Bonnier Group

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Bonnier AB
Type Private company
Industry Media group
Founded 1804 (1804) in Copenhagen, Denmark
Headquarters Stockholm[1], Sweden
Key people Carl-Johan Bonnier (chairman)[2]
Tomas Franzén (CEO)[3]
Products Newspapers, books, magazines, television, cinemas, film production, radio
Revenue Increase US$4.097 billion (2013)
Operating income Increase US$305 million (2013)
Net income Increase US$ 227 million (2013)
Employees 9,226 (2013)
Website bonnier.com
The Bonnier Tower in Stockholm

Bonnier AB (also the Bonnier Group[4] ) is a privately held Swedish media group of 175 companies operating in 16 countries. It is controlled by the Bonnier family.[5]

Background[edit]

The company was started in 1804[6] by the German Gerhard Bonnier in Copenhagen, Denmark, when Bonnier published his first book, Underfulde og sandfærdige kriminalhistorier. Gerhard's sons later moved to Sweden. The Bonnier book publishing companies in Sweden that are part of book publishing house Bonnierförlagen now include Albert Bonniers förlag, Wahlström & Widstrand, Forum, and Bonnier Carlsen, as well as other book publishers and imprints in Sweden. Bonnier Tidskrifter publishes magazines, including Veckans Affärer, Damernas Värld, Amelia, Sköna Hem, Teknikens Värld, Resume, nearly a dozen crossword magazines,[7] and the tablet magazine C Mode. Other subsidiaries include Sweden's commercial TV network TV4 and C More Entertainment; movie theater chain SF Bio (40 percent share) and film production companies Svensk Filmindustri and Sonet Film; daily newspapers Dagens Nyheter, Expressen, Sydsvenskan and Helsingborgs Dagblad;[8] business daily Dagens Industri; and medical journal Dagens Medicin.

International operations[edit]

In Denmark, operations include magazine publisher Bonnier Publications, which has subsidiaries in Norway, Finland and Russia; business daily Dagbladet Børsen; and film distributors SF Film and film producers SF Film Production.

Finnish operations include MTV Media Oy, which owns commercial channels MTV3 and Sub, among others; radio channel Radio Nova; book publishers Tammi and WSOY; plus magazines from Bonnier Publications and film productions by FS Film.

In Germany, Bonnier Media Deutschland includes Ullstein Buchverlage, Piper Verlag, Thienemann Verlag and Carlsen Verlag, among others.

In Norway, along with magazines from Bonnier Media and the movie chain SF Kino and film distribution company SF Norge, subsidiaries include book publisher Cappelen Damm.

In the U.S., Bonnier Corporation owns over 40 magazines, including Popular Science, Saveur, Field & Stream, Outdoor Life and Popular Photography, a range of action sport magazines focused on motorcycling, as well as a number of niche travel and lifestyle titles.[9] Book publisher Weldon Owen is also part of the company.

Bonnier Publishing book publishing operations in the UK include Autumn Publishing, Hot Key Books, Red Lemon Press, Templar Publishing, Piccadilly Press[10] and Weldon Owen (which is separate from the U.S. book publisher); Piccolia in France; and Five Mile Press in Australia.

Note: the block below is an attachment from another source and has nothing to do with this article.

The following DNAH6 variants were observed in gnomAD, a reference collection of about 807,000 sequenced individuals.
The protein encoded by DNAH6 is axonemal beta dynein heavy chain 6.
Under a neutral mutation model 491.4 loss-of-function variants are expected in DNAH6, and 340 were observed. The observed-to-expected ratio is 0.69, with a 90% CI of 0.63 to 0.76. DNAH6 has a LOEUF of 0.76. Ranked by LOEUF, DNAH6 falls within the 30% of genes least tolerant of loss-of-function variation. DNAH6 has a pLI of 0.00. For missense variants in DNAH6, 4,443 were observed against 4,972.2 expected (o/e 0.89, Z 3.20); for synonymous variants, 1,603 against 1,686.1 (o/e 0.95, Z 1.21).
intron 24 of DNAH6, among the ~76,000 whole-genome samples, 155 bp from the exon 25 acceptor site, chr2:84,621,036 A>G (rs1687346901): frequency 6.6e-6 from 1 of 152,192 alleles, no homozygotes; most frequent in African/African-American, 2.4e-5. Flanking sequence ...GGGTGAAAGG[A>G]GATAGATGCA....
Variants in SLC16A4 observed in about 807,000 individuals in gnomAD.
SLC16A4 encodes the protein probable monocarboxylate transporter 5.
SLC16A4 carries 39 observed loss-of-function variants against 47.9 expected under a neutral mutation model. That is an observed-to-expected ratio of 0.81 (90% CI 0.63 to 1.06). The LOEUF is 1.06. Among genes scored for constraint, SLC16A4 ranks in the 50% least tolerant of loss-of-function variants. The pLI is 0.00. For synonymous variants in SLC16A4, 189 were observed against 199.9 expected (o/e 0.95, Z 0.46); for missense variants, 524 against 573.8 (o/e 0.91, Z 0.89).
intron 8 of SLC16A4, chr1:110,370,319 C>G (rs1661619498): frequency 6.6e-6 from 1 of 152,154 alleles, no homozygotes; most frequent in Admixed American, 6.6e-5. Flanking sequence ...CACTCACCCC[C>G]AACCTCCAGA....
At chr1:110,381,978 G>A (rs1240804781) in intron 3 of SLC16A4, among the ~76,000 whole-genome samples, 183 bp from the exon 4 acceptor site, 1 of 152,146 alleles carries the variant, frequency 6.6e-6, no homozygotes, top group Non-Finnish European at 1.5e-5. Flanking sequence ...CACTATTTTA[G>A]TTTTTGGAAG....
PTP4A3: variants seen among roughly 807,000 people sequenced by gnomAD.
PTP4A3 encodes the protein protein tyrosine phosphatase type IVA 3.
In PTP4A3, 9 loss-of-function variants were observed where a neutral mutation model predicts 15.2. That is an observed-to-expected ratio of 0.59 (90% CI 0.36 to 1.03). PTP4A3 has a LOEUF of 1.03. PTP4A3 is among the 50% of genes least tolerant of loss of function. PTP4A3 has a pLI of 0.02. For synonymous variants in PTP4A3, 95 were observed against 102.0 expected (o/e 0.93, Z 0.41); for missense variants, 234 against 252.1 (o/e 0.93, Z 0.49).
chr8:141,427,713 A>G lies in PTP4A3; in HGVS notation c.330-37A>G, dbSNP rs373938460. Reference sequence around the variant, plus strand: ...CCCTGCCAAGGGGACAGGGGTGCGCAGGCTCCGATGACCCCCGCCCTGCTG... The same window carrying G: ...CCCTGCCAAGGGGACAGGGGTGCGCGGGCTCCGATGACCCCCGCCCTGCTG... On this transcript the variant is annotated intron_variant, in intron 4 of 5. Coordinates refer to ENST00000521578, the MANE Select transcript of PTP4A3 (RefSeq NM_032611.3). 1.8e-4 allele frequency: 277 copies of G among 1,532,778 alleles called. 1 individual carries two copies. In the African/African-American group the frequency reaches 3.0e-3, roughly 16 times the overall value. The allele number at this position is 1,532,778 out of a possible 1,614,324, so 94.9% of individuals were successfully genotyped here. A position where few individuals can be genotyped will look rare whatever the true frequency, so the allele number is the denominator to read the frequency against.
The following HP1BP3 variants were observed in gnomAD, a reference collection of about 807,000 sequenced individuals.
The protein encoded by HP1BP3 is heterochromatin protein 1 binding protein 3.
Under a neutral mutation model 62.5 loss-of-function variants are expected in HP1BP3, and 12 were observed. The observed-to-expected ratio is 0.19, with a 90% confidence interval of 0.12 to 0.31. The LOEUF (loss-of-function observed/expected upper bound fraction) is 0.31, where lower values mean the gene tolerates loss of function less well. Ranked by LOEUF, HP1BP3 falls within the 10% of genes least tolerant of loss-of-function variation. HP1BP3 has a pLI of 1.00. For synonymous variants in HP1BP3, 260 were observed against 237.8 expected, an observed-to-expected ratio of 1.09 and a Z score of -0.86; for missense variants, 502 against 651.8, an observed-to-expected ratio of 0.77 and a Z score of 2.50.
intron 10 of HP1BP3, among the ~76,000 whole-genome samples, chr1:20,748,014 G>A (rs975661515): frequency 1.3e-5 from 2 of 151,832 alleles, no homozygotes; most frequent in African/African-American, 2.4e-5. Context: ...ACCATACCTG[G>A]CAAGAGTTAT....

Bonnier owns business newspapers in Russia, Estonia (Äripäev), Lithuania (Verslo žinios), Poland (Puls Biznesu) and Slovenia (Finance Business Daily), as well as medical journals in Denmark, Norway, Finland, Poland, and Slovenia.

Bonnier is also behind several digital startups, including the tablet publishing platform Mag+ and children's toy app producer, Toca Boca.

Family owned[edit]

Bonnier is controlled by around 75 family members, including some seventh-generation heirs.

Time Inc. magazines acquisition[edit]

In January 2007, the Bonnier Magazine Group agreed to acquire 18 magazines that Time Inc. was divesting. The estimated price was US$225 million in cash and the assumption of about US$42 million in unfulfilled subscription liabilities (subscriptions already paid but not yet delivered.) The magazines in the package employed 550 people and included Outdoor Life, Popular Science, Field & Stream, Ski, Yachting, and Transworld Snowboarding, as well as 11 other titles that were part of Time Inc.'s Time4 Media Group. Also included were Parenting, and Babytalk, which were part of the Parenting Group. That price was believed to be a multiple of about 11 times cash flow for a group that had net income of around US$20 million and revenue of around $230 million.

"We think we did a good deal, and we think Time did as well," said Jonas Bonnier, head of Bonnier Magazine Group. Bonnier already had a small footprint in the US through a 50 percent stake in Winter Park, Florida-based World Publications, which owned the titles Islands and Spa, Saveur, Water Skiing, and Caribbean Travel & Life.[11]

References[edit]

  1. ^ "Bonnier AB". InsideView. Retrieved 24 January 2014. 
  2. ^ "Board of Directors". Bonnier AB. Retrieved 2 January 2012. 
  3. ^ "Top Management". Bonnier AB. Retrieved 2 January 2012. 
  4. ^ "Bonnier AB Company Profile". Yahoo. Retrieved 24 January 2014. 
  5. ^ "Global Publishing Leaders 2012: Bonnier". publishersweekly.com. Retrieved 14 November 2012. 
  6. ^ "Bonnier AB". Linkedin. Retrieved 24 January 2014. 
  7. ^ "Bonnier Korsord – Om oss." Krysset.se. Retrieved 4 January 2012.
  8. ^ "Tidningsaffären ingen heroisk investering". Svenska Dagbladet. Retrieved 27 April 2014. 
  9. ^ "Bonnier Magazine Group publishes more than 150 magazines in seven countries.". Retrieved 24 January 2014. 
  10. ^ "Templar Publishing Buys Piccadilly Press". Publishers Weekly. 1 February 2014. Retrieved 12 February 2014. 
  11. ^ Kelly, Keith J. (26 January 2007). "Bonnier Coughed Up $225M to Time". New York Post. Retrieved 31 December 2011. 

External links[edit]